Thursday, May 24, 2012

The Lifeboat (Charlotte Rogan)

I’ve had the pleasure of reading some darn good debut novels lately.  Eowyn Ivey’s The Snow Child is a beautifully written tale set in Alaska that’s based on a Russian fairy tale.  Now comes a novel where, again, the setting plays a central role in the story. 

Set in the early 1900s, The Lifeboat is about a disaster on a large shipliner, the Empress Alexandra.  Grace’s new husband, Henry, takes her to one of the lifeboats, and then she never sees him again.  She is in the boat with strangers, and they quickly split up into two factions.  Following Mr. Hardie, the seaman with a wealth of experience, will require making the necessary difficult decisions for survival.  Mrs. Grant, on the other hand, tries to keep some semblance of morality when all seems lost.  Both sides must do what society would deem terrible things.  We discover very early on that Grace survives, but she’s been arrested for her part in the lifeboat saga.  What did she do?  Where does she go from here?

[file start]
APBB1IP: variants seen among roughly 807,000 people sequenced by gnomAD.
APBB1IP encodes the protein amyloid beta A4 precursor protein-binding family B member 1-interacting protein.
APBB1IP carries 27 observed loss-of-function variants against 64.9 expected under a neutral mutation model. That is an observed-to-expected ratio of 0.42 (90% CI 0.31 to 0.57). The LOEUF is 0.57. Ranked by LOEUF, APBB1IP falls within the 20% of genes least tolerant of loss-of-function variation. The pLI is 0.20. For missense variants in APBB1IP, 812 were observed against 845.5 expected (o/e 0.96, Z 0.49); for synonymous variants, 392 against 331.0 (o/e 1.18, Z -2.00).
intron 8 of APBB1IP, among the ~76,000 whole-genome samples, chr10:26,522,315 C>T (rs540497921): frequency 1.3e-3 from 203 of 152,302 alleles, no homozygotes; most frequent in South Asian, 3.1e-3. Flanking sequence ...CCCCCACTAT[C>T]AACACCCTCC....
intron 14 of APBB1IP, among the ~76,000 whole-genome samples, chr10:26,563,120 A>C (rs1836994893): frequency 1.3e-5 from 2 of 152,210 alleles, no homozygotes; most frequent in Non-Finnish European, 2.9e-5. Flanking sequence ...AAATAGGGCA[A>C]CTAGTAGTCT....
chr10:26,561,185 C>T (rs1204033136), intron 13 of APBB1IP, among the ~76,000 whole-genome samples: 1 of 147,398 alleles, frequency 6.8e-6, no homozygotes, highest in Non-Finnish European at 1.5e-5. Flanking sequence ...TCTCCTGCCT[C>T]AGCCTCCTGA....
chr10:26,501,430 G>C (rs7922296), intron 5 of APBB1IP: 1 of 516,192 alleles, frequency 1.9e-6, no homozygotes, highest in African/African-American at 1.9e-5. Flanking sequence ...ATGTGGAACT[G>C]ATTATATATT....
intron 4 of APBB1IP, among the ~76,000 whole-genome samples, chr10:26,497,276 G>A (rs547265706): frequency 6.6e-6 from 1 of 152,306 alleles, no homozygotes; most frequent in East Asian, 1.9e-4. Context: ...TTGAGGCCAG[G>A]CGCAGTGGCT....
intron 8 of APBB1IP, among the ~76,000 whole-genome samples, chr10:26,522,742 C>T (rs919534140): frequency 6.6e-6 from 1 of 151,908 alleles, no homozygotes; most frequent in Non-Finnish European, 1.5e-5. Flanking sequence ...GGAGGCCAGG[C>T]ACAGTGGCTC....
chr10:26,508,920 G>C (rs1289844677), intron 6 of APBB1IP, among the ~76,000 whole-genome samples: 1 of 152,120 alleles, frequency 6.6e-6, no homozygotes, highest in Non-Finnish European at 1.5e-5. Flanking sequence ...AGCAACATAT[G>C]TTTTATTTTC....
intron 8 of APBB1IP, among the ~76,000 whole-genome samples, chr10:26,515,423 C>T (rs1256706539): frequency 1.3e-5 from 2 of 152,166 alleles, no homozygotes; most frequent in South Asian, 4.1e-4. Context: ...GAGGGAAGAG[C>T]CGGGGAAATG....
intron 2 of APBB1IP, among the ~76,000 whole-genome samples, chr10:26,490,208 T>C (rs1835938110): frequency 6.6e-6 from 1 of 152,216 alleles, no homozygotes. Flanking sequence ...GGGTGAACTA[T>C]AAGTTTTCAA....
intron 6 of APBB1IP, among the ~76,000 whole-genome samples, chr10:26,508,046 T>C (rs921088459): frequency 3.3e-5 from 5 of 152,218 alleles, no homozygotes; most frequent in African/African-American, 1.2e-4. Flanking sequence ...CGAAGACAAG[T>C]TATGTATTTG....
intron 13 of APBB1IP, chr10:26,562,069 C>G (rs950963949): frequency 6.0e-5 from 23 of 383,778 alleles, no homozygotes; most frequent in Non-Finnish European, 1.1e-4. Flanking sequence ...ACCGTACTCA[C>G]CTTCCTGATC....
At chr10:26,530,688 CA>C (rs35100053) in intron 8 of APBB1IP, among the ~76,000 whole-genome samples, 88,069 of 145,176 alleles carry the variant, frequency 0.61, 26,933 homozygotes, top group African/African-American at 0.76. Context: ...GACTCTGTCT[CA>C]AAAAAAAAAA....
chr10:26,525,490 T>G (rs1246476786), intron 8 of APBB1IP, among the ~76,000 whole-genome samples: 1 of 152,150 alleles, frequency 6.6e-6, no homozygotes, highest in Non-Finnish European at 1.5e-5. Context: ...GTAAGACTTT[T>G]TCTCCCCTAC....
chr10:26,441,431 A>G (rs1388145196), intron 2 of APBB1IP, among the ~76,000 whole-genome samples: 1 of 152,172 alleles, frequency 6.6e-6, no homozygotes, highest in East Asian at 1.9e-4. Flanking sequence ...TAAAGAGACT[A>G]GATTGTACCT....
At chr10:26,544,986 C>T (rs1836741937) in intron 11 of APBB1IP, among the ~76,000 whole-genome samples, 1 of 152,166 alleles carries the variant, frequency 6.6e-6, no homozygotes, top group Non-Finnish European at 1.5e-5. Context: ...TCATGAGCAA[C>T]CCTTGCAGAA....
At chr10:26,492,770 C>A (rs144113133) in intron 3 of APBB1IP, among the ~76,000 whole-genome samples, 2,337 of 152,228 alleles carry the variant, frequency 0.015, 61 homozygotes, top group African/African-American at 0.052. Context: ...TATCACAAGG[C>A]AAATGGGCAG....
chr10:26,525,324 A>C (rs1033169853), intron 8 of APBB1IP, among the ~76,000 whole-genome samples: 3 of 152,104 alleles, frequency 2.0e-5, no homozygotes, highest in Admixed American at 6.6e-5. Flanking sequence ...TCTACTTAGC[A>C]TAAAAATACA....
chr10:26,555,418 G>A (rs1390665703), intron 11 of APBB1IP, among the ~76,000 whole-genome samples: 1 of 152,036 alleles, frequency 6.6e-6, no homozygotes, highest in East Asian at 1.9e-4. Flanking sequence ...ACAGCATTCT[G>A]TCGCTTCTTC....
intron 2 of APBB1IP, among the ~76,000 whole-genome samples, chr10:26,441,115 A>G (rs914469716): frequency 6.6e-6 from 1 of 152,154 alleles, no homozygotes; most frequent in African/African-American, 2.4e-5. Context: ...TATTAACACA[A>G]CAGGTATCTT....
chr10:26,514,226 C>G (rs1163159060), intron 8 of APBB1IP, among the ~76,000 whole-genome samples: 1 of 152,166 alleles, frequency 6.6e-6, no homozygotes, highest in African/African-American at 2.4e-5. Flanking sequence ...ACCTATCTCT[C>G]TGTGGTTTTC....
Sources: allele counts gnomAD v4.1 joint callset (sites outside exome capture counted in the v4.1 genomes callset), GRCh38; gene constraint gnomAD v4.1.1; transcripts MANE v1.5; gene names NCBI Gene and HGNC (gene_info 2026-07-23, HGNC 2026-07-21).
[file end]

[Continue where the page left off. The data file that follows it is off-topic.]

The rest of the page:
The Lifeboat is a quick read and very easy to devour in one or two sittings.  It keeps you on the edge of your seat, knowing that Grace made it out, but not knowing why she’s on trial.  Part psychological drama, part thriller, and part survival story, Rogan has delivered a tour de force first novel…and makes it look easy.